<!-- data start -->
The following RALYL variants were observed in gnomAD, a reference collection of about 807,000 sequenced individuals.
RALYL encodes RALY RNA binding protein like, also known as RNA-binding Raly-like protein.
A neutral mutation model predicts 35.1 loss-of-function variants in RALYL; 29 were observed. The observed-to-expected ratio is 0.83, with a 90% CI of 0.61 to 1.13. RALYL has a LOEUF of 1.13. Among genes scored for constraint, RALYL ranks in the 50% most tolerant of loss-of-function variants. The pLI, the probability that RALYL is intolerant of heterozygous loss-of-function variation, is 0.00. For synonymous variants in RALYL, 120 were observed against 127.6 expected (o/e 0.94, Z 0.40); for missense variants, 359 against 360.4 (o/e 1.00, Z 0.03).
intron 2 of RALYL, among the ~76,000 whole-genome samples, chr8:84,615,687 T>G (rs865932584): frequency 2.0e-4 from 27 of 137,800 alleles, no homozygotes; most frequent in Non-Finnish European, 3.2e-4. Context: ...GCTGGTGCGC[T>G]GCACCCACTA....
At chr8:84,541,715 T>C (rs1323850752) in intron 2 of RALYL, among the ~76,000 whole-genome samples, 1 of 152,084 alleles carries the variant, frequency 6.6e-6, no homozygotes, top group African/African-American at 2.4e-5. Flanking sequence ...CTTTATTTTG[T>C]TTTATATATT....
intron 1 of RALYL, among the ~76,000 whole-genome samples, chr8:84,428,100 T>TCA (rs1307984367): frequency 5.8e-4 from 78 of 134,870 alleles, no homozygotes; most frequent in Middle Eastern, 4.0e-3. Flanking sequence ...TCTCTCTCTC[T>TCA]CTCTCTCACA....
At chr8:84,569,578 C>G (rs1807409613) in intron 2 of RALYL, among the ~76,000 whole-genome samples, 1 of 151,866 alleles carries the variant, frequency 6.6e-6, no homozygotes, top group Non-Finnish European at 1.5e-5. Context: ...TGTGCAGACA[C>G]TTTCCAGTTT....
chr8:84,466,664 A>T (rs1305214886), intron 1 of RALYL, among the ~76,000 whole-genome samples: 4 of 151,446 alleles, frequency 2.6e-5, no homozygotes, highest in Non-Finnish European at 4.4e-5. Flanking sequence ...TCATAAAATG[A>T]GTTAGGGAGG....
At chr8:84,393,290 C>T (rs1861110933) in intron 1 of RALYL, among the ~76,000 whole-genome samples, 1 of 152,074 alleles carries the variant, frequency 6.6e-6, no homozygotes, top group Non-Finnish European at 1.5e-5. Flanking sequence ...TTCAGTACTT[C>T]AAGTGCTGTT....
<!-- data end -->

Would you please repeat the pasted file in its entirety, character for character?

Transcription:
The following RALYL variants were observed in gnomAD, a reference collection of about 807,000 sequenced individuals.
RALYL encodes RALY RNA binding protein like, also known as RNA-binding Raly-like protein.
A neutral mutation model predicts 35.1 loss-of-function variants in RALYL; 29 were observed. The observed-to-expected ratio is 0.83, with a 90% CI of 0.61 to 1.13. RALYL has a LOEUF of 1.13. Among genes scored for constraint, RALYL ranks in the 50% most tolerant of loss-of-function variants. The pLI, the probability that RALYL is intolerant of heterozygous loss-of-function variation, is 0.00. For synonymous variants in RALYL, 120 were observed against 127.6 expected (o/e 0.94, Z 0.40); for missense variants, 359 against 360.4 (o/e 1.00, Z 0.03).
intron 2 of RALYL, among the ~76,000 whole-genome samples, chr8:84,615,687 T>G (rs865932584): frequency 2.0e-4 from 27 of 137,800 alleles, no homozygotes; most frequent in Non-Finnish European, 3.2e-4. Context: ...GCTGGTGCGC[T>G]GCACCCACTA....
At chr8:84,541,715 T>C (rs1323850752) in intron 2 of RALYL, among the ~76,000 whole-genome samples, 1 of 152,084 alleles carries the variant, frequency 6.6e-6, no homozygotes, top group African/African-American at 2.4e-5. Flanking sequence ...CTTTATTTTG[T>C]TTTATATATT....
intron 1 of RALYL, among the ~76,000 whole-genome samples, chr8:84,428,100 T>TCA (rs1307984367): frequency 5.8e-4 from 78 of 134,870 alleles, no homozygotes; most frequent in Middle Eastern, 4.0e-3. Flanking sequence ...TCTCTCTCTC[T>TCA]CTCTCTCACA....
At chr8:84,569,578 C>G (rs1807409613) in intron 2 of RALYL, among the ~76,000 whole-genome samples, 1 of 151,866 alleles carries the variant, frequency 6.6e-6, no homozygotes, top group Non-Finnish European at 1.5e-5. Context: ...TGTGCAGACA[C>G]TTTCCAGTTT....
chr8:84,466,664 A>T (rs1305214886), intron 1 of RALYL, among the ~76,000 whole-genome samples: 4 of 151,446 alleles, frequency 2.6e-5, no homozygotes, highest in Non-Finnish European at 4.4e-5. Flanking sequence ...TCATAAAATG[A>T]GTTAGGGAGG....
At chr8:84,393,290 C>T (rs1861110933) in intron 1 of RALYL, among the ~76,000 whole-genome samples, 1 of 152,074 alleles carries the variant, frequency 6.6e-6, no homozygotes, top group Non-Finnish European at 1.5e-5. Flanking sequence ...TTCAGTACTT[C>T]AAGTGCTGTT....